PNM is proposing that customers would pay off the bonds with a small monthly bill surcharge.
The utility would reduce its base rates once it abandons the plant.
Bond sales would also generate $16.5 million for local economic development and displaced workers that will be affected by the plant’s eventual shutdown.
Medeiros said earlier this month that the PRC can make a decision on those investments during the utility’s next general rate case.
If the commission determines the pollution investments were imprudent, Medeiros said, the PRC could order PNM to credit the difference back to customers.
Utility executives said the commission’s rejection of much of the hearing examiner’s recommendations following the lengthy executive session “creates uncertainty about the regulatory environment in New Mexico.”
“The commission’s actions aim to penalize the utility for complying with federal environmental standards while ignoring shareholders’ commitment to pay $75 million to relieve customers from coal obligations,” Vincent-Collawn said. “This also ignores shareholders’ commitment to forgo previously authorized returns to provide a fair transition away from coal.”
The Navajo Nation currently owns a 7% stake in the coal plant.
Prior to the vote, Navajo Nation President Jonathan Nez and other Navajo leaders had spoken in support of the abandonment plan.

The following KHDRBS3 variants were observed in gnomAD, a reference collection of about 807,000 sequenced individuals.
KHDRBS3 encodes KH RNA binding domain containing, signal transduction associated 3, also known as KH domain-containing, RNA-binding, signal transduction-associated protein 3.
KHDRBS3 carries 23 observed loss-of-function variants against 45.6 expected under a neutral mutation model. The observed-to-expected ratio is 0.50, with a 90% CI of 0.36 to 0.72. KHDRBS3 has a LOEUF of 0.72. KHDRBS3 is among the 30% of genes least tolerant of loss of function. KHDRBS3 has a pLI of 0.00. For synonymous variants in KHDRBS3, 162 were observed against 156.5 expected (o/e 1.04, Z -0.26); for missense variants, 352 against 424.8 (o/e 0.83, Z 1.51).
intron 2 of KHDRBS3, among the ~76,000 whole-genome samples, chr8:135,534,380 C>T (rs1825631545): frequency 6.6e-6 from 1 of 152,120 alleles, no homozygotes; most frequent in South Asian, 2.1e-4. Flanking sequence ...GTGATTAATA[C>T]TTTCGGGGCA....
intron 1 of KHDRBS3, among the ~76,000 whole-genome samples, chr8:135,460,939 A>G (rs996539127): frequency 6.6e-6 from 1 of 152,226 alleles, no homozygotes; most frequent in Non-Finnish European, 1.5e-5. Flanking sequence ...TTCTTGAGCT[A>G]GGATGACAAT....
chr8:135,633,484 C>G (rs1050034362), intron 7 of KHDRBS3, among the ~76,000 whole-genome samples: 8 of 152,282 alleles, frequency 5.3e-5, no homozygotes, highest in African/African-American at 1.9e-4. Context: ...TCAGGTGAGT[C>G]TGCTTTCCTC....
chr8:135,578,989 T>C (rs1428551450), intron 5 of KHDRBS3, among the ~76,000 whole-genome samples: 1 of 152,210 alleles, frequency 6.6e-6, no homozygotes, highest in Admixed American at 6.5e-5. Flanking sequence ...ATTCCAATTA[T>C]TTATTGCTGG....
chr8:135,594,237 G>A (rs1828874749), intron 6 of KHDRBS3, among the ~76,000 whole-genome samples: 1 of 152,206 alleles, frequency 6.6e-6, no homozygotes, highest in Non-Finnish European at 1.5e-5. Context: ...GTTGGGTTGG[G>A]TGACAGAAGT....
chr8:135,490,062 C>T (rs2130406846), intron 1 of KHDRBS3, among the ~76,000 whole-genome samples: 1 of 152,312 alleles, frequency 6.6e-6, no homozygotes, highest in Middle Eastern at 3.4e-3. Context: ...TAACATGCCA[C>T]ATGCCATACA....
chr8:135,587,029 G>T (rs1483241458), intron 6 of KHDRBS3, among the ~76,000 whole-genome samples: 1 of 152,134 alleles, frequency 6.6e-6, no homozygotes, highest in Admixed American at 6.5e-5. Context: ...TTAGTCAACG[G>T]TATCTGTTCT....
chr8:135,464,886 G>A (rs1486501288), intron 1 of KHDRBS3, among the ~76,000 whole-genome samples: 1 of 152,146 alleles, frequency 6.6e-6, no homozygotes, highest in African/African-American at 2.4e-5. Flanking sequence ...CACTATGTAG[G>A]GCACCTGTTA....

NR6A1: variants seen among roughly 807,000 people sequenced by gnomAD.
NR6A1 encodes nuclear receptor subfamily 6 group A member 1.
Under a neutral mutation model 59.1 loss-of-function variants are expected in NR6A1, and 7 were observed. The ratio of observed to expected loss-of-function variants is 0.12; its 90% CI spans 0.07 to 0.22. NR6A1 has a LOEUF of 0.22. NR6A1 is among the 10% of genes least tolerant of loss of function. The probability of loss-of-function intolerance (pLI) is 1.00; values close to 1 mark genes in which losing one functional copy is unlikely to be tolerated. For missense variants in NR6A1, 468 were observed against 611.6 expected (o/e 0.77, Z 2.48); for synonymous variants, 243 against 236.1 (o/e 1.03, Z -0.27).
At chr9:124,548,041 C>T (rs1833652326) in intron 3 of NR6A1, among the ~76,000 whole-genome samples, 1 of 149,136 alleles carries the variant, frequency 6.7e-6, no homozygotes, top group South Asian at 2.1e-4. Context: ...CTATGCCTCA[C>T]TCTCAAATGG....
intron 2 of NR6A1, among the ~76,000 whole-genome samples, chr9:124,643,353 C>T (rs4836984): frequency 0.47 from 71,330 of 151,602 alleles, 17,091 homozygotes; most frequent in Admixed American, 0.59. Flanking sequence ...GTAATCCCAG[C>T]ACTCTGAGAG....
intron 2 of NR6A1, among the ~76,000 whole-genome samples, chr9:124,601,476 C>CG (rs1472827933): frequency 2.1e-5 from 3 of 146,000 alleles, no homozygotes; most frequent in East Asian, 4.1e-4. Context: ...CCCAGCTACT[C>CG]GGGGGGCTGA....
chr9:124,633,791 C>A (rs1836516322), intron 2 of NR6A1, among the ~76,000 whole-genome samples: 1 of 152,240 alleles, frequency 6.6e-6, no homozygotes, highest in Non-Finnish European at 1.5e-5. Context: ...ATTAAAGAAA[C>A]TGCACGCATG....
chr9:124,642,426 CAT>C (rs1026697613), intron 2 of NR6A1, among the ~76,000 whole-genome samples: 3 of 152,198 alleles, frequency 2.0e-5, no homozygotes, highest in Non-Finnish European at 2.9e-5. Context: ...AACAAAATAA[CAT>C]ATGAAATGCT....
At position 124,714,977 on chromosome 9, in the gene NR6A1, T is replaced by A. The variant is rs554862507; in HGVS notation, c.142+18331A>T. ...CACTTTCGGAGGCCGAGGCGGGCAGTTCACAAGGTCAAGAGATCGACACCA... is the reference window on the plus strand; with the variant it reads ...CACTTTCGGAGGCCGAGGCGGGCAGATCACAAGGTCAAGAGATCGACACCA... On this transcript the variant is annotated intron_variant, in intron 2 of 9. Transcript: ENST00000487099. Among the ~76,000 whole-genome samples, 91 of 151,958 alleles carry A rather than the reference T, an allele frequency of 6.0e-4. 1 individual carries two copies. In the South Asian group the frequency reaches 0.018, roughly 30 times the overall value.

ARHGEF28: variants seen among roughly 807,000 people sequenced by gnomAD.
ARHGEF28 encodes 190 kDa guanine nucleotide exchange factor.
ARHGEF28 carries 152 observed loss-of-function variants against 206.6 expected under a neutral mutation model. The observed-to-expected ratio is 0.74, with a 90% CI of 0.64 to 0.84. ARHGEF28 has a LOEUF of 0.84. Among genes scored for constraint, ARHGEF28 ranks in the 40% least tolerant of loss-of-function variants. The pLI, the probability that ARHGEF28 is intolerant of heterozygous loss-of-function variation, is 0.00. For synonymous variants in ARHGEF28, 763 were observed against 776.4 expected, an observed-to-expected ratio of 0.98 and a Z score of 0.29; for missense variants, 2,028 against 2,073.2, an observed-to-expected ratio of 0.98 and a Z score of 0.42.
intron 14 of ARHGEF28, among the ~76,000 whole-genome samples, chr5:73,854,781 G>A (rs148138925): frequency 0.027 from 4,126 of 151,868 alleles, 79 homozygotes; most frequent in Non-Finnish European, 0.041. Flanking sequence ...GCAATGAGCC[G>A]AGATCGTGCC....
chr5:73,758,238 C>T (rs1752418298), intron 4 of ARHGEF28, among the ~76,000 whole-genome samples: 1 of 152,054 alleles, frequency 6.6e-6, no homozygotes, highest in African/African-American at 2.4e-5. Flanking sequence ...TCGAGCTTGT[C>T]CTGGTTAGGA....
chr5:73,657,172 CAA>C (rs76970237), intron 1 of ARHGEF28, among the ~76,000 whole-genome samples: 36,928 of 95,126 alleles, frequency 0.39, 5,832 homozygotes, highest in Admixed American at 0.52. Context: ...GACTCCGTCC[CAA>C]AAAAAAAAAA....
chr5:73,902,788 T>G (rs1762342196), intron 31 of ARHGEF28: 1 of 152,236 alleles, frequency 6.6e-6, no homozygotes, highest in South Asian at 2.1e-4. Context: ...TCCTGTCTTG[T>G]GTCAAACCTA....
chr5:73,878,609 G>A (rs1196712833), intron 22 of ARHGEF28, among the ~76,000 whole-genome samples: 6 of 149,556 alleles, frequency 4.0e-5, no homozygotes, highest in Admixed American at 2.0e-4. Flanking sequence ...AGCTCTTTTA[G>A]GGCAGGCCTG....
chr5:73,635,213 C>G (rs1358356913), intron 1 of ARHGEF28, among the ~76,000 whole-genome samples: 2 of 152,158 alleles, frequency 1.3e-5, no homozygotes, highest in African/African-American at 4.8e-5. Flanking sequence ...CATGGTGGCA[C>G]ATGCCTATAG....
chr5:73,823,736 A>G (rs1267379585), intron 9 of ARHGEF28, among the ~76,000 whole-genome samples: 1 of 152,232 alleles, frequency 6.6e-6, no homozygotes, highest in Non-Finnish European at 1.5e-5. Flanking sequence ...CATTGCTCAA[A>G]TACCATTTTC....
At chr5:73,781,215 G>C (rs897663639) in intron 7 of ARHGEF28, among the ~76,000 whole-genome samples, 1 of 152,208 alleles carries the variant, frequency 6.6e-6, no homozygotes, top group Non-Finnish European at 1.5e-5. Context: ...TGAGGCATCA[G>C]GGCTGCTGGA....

“As we determine how to transition to a post-coal economy, we continue to rely on these jobs and revenue for the foreseeable future,” Nez said. “This is not going to be an easy task.”
Vivie Melendez, environmental safety manager at Navajo Mine, said a transfer would be the “most viable way to keep good-paying jobs” for Navajo residents.
The mine is the sole coal supplier to the Four Corners Generating Station.
“I am really proud to be a coal miner, and I’m proud of NTEC,” Melendez said.
NTEC also operates mines in Wyoming and Montana.
Some environmental groups maintain that an early PNM exit from Four Corners would only prolong carbon-emitting operations at the coal plant.
Camilla Feibelman, director of the Sierra Club Rio Grande Chapter, said the group is pleased with the commission’s decision to deny an “attempt to offload polluting coal onto the very mine owner that wants to keep the plant polluting indefinitely.”
“To our mind, the commission really upheld the spirit of the ETA by exercising their power to evaluate PNM’s action through the lens of the public good, which also happens to be the planet’s good,” Feibelman said.
A 2024 exit from Four Corners would have put PNM about seven years ahead of its previously scheduled departure, and help meet state-mandated climate goals.
The ETA requires public utilities to reach 100% carbon-free energy by 2045.
Four Corners owners have agreed that only one power plant unit will operate year-round beginning in fall 2023.
Two units will operate during the summer season during peak customer demand.
PNM estimates that the seasonal operations would reduce carbon emissions at Four Corners by 20% to 25%.
Customers could save up to $300 million over 20 years as the utility transitions to renewable energy sources, according to PNM.